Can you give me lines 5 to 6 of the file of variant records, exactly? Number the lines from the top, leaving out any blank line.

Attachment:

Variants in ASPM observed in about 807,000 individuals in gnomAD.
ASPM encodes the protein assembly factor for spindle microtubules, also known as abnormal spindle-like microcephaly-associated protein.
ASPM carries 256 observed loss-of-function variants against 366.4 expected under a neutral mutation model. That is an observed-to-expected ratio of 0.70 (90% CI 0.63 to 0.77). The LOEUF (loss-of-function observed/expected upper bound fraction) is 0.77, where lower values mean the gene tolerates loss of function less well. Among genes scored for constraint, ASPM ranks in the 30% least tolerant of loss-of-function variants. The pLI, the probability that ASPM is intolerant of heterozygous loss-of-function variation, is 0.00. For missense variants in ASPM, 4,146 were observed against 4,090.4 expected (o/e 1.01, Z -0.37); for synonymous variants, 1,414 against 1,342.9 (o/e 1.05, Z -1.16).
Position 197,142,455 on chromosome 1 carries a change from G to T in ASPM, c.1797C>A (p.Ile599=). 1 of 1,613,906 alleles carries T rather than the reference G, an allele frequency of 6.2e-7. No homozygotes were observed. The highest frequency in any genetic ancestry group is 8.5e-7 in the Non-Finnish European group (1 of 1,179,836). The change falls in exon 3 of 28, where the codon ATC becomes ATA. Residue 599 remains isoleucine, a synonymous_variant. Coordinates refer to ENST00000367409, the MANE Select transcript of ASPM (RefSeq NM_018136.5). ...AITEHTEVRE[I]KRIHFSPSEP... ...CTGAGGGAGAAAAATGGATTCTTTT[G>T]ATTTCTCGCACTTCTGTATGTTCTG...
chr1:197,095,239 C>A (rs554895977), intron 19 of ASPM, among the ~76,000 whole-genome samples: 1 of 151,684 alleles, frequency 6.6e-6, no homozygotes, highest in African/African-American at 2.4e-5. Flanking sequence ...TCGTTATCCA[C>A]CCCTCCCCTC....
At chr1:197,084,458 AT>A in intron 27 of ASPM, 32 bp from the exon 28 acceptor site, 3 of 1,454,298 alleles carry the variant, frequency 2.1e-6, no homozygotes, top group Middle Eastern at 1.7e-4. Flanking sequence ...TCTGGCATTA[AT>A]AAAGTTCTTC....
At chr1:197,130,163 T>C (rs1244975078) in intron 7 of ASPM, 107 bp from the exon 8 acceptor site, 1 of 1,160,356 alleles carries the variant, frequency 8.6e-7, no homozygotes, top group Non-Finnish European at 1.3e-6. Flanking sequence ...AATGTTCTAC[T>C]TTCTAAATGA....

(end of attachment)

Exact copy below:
chr1:197,095,239 C>A (rs554895977), intron 19 of ASPM, among the ~76,000 whole-genome samples: 1 of 151,684 alleles, frequency 6.6e-6, no homozygotes, highest in African/African-American at 2.4e-5. Flanking sequence ...TCGTTATCCA[C>A]CCCTCCCCTC....
At chr1:197,084,458 AT>A in intron 27 of ASPM, 32 bp from the exon 28 acceptor site, 3 of 1,454,298 alleles carry the variant, frequency 2.1e-6, no homozygotes, top group Middle Eastern at 1.7e-4. Flanking sequence ...TCTGGCATTA[AT>A]AAAGTTCTTC....